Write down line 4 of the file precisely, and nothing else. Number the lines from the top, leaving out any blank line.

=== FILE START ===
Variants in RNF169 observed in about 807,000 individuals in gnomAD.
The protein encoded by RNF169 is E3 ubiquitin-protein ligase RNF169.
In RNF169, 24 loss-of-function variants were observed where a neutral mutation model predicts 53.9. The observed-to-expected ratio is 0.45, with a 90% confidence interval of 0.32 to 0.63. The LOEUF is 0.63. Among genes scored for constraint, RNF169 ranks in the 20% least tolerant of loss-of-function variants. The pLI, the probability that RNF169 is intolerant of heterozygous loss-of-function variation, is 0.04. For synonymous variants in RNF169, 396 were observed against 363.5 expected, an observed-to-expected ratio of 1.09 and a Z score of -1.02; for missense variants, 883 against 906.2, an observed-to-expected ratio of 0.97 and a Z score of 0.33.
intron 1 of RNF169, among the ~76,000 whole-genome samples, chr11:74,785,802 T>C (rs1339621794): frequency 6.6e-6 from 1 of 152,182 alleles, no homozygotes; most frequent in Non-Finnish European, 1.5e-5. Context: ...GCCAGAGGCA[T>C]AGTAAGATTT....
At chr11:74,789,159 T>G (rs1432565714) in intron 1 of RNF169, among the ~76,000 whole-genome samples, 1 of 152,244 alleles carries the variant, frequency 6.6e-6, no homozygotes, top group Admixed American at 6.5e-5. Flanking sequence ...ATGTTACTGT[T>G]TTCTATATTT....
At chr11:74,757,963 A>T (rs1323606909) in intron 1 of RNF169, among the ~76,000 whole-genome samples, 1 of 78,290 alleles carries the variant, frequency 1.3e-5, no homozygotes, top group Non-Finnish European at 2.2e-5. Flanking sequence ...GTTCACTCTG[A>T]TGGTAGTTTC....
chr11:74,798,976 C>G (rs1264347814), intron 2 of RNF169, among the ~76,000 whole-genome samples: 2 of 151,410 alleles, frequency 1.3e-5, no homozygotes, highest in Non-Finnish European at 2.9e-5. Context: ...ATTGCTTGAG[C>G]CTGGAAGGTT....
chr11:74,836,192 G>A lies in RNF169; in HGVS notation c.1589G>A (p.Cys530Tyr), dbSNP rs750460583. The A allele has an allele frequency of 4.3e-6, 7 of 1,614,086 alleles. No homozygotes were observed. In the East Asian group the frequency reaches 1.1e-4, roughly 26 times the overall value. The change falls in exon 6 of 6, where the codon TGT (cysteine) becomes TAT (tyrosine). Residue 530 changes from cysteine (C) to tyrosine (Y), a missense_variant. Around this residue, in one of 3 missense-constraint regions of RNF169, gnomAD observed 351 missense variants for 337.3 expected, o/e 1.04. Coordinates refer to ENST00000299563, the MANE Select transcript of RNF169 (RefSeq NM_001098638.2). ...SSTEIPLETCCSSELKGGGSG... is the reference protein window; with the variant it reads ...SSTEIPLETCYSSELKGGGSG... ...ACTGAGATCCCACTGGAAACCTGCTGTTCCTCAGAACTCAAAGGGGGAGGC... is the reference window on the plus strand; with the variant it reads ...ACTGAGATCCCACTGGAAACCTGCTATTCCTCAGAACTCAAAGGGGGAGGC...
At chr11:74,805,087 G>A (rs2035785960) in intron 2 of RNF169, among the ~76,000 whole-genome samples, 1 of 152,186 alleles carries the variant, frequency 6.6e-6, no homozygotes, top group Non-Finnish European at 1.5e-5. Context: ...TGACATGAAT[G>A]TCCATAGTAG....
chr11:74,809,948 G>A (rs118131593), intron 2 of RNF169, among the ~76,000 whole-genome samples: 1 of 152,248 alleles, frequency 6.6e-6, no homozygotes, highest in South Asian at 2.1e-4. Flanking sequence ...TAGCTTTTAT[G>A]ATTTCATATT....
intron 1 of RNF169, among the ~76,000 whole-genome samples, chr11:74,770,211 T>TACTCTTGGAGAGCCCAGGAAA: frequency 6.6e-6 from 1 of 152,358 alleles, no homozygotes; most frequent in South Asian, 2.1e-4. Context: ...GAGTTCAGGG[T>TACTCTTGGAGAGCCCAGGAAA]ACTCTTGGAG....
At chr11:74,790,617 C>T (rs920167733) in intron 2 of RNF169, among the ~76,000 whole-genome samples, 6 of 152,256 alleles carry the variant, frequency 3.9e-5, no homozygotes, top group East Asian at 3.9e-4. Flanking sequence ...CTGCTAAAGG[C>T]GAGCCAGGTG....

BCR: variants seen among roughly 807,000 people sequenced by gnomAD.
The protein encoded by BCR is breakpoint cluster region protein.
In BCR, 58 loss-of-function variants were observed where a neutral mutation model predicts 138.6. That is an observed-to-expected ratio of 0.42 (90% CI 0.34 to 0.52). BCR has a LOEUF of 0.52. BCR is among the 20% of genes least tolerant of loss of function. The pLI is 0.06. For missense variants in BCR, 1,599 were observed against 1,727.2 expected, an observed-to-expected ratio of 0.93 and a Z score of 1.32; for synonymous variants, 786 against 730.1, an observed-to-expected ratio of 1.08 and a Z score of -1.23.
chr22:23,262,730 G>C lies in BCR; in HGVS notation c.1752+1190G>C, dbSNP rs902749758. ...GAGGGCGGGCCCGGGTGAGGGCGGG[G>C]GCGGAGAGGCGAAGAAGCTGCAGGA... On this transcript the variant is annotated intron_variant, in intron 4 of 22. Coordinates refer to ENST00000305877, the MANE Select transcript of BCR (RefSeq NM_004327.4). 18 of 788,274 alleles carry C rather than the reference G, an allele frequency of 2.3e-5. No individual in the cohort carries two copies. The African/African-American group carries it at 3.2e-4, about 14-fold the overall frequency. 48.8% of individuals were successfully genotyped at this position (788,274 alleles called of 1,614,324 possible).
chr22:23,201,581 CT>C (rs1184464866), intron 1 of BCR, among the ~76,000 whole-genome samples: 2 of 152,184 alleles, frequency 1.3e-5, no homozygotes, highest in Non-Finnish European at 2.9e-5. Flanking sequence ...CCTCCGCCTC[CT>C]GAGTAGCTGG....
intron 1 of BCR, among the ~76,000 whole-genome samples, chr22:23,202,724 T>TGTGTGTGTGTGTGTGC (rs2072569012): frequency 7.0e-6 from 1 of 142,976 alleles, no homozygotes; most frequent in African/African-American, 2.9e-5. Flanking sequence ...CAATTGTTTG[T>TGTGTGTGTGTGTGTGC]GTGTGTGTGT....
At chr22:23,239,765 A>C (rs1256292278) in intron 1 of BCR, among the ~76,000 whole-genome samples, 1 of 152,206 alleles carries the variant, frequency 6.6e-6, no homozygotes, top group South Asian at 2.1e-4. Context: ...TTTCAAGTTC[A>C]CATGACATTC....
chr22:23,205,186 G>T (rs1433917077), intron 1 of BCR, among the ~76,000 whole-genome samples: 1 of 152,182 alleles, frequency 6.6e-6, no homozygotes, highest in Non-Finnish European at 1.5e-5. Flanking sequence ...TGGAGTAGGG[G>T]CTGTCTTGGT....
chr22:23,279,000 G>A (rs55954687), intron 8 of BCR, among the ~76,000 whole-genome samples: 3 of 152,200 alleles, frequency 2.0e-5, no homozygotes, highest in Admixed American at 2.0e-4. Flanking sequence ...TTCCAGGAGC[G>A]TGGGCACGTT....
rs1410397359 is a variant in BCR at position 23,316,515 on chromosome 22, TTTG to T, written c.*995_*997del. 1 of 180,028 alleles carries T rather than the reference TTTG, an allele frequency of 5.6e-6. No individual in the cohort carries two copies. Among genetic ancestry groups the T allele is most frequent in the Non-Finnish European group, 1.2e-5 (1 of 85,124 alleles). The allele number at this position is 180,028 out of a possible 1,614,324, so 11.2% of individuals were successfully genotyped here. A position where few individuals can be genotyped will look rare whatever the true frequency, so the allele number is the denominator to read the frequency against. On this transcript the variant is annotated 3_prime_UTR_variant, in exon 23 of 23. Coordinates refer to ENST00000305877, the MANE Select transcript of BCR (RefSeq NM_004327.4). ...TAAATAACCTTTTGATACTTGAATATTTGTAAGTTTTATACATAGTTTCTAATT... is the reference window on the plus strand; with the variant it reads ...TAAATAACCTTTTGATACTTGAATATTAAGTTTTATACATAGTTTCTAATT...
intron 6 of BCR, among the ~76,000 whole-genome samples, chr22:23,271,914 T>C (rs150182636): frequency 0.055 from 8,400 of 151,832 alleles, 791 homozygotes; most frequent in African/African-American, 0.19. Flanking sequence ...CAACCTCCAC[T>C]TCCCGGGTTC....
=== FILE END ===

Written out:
intron 1 of RNF169, among the ~76,000 whole-genome samples, chr11:74,785,802 T>C (rs1339621794): frequency 6.6e-6 from 1 of 152,182 alleles, no homozygotes; most frequent in Non-Finnish European, 1.5e-5. Context: ...GCCAGAGGCA[T>C]AGTAAGATTT....